The start of Mount Baker girls’ basketball player Emily Yost’s final high school season was the perfect setup to a fairytale ending.
The Mountaineers were 6-1, and Yost was averaging 27.4 points per game, including a school-record 46 points Dec. 12 against Oak Harbor. It appeared Yost was well on her way to a phenomenal season with the possibility of leading Baker to its first state tournament appearance since 2005.
Then everything took a turn for the worse.
Yost scored eight points in a Cloud 9 Christmas Classic loss to Cascade Christian and only averaged 11.8 points per game over the next six games. Baker struggled along with Yost — the Mountaineers went 1-5 during that stretch.
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“I think it’s tough for anybody,” Baker coach Brenda Ellis said in a phone interview. “The one thing about her is she feels like there’s a burden of success on her. As she goes, the team goes, so to speak.”
For a player that was asked to do a little of everything — scoring, rebounding, distributing — that burden is likely to rear its head a few times throughout a long season. It just happened to all come at once for Yost.
But she’s also not the type of person to talk about those frustrations or feelings she’s having.
She battled through, and because of that, along with her ability to lead and distribute, Yost has been selected The Bellingham Herald’s 2014-15 All-Whatcom County Girls’ Basketball Player of the Year.
“I do hear from her sister. She’ll say, ‘Em is feeling a lot of pressure,’” Ellis said. “It is tough on her. No matter how great she is, she’s still a kid.”
Instead of getting down on herself, though, Yost continued to turn to something she picked up after struggling on the court early last season.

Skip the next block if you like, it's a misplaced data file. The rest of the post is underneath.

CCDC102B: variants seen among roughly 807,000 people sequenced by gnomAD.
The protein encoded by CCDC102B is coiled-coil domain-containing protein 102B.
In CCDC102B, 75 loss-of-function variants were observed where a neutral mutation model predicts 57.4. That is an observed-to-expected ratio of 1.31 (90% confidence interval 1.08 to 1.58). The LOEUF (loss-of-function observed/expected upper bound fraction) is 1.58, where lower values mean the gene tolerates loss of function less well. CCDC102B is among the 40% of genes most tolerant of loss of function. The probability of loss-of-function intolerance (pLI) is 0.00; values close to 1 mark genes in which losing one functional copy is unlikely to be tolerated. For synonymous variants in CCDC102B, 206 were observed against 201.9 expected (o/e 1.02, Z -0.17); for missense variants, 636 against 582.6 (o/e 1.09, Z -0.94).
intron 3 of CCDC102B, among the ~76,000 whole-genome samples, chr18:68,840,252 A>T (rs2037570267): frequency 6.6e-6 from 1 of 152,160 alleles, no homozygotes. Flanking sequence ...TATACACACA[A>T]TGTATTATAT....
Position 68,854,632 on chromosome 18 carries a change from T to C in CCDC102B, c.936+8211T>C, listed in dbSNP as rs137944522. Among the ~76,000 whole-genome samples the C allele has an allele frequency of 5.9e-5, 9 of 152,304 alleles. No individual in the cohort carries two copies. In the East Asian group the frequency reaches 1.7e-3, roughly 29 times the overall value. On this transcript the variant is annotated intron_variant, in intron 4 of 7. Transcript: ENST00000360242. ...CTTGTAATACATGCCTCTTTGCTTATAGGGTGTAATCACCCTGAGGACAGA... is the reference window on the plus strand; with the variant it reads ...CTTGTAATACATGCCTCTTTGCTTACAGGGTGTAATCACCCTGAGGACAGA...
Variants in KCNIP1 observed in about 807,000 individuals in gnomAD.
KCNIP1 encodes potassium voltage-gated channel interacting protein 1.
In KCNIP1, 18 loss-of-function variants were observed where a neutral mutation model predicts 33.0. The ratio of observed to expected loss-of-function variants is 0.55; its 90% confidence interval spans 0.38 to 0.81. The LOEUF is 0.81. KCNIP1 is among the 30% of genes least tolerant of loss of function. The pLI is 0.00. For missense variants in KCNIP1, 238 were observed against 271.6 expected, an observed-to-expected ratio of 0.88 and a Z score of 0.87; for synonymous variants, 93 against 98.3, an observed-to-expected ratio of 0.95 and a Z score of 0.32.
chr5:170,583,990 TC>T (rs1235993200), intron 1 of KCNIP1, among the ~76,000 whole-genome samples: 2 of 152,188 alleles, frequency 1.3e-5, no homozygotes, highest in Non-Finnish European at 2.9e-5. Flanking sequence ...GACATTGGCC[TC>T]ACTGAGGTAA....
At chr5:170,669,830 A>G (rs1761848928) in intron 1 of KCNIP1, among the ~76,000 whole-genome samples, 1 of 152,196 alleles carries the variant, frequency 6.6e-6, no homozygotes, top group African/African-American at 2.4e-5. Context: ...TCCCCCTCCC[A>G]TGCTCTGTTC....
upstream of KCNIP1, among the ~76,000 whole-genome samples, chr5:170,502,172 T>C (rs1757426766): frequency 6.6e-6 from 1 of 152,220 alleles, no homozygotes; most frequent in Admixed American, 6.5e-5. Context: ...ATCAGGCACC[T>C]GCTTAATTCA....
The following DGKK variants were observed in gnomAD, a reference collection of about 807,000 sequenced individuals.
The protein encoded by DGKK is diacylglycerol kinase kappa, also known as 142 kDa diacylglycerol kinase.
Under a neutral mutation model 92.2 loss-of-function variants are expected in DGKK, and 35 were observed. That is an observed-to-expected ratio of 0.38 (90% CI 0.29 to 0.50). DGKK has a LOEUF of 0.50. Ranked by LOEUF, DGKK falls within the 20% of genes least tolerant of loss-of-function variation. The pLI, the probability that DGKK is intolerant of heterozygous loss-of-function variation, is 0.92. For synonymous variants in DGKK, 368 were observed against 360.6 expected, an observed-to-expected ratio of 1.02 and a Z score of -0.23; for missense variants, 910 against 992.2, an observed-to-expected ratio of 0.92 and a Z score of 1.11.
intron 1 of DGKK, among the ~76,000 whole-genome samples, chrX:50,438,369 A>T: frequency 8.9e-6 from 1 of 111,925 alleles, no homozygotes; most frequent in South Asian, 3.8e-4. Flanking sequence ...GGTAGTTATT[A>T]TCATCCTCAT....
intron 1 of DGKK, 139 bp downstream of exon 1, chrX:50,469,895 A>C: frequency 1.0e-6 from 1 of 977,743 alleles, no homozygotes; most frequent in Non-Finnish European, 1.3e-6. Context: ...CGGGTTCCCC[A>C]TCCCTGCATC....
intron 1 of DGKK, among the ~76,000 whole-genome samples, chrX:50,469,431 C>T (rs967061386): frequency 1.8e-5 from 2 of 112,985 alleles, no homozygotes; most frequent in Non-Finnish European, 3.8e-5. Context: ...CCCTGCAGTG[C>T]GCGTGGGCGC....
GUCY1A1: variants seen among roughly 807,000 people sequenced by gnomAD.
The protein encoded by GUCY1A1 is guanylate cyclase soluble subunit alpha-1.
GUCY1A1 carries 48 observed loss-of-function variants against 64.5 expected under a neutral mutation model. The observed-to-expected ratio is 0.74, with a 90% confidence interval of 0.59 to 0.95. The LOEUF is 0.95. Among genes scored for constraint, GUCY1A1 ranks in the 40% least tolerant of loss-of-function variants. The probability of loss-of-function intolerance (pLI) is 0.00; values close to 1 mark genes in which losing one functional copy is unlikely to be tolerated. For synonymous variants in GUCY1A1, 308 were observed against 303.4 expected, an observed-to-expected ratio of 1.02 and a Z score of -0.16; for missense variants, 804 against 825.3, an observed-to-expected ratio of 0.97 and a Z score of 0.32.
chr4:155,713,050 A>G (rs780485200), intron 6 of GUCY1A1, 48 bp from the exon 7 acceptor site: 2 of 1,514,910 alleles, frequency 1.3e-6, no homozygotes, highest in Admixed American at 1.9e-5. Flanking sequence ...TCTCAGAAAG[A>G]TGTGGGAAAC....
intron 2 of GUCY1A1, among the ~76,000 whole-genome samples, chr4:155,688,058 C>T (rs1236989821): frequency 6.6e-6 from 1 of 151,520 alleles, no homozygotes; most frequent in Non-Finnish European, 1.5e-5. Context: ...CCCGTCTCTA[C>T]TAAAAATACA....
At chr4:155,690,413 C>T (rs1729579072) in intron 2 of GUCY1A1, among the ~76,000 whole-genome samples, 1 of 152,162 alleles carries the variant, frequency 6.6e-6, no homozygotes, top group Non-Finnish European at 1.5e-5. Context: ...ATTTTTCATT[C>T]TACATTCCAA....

Since the first weeks of last year, Yost would spend an hour after every practice putting in extra work.
She would ask the coach and janitors to leave the gym open and her sister would rebound for her while Yost continued to put time into her game. This led to some odd arrangements with the janitors.
“I definitely had to vacuum some floors and sweep the gym a few times,” Yost said in a phone interview. “But it was worth it.”
All of that extra effort came to fruition when Yost and the team were struggling. The team changed the offense slightly and asked Yost to step away from her traditional post role, where she could easily be double or triple-teamed.
Instead, the goal was to get Yost the ball on the perimeter and in places where she could create.
The transition came easy to Yost. While she primarily worked on the blocks in games, in that hour after practice, Yost developed a great outside shot and the ability to drive.
The offensive change led to a .500 record the rest of the way for the Mountaineers and a 1A Northwest District playoff berth.
Yost finished with a 20.4 points-per-game average — tops in the Northwest Conference.
“The great thing about Emily is she always worked on every part of her game,” Ellis said. “That’s why when people started double teaming her, she had somewhere to go. It wasn’t ‘Oh, now I have to do this.’ It was already developed.”
Behind the scenes things weren’t easy for Yost. She was battling an ankle injury, although the extent of that pain is somewhat unknown, because Yost didn’t always disclose how severe the injury was to coach Ellis.
No injury was going to sideline Yost for another postseason. After breaking her wrist late last season, Yost had to sit out the final games of her junior year.
Her senior year would not be the same story.
She wanted to make the state playoffs for the first time in her career. The Mountaineers fell short of qualifying for state by one game, but the season will go down as a success for Yost, she said.
“It was definitely a little heartbreaking to not make it to state,” Yost said. “At the same time it was a huge accomplishment for the seniors to make it that far.”
Yost is undecided on what lies in front of her, but she is considering a few colleges where she could continue to play basketball.
Whether Yost continues or not, she’ll go down as one of the hardest workers in Baker girls’ basketball history, Ellis said.
Plus, she’s not totally gone from the Deming Dome. She still holds the school record for most points in a single game, and a 46-point night is not easily forgotten.
“It was exciting to be around that, but the neater thing for me was I was the one to see all the work nobody else saw,” Ellis said. “Everyone can see this kid scored this many points, but nobody’s there when she’s working hard after practice. ... She’s naturally gifted in basketball, but I honestly believe she will do well in whatever she chooses.”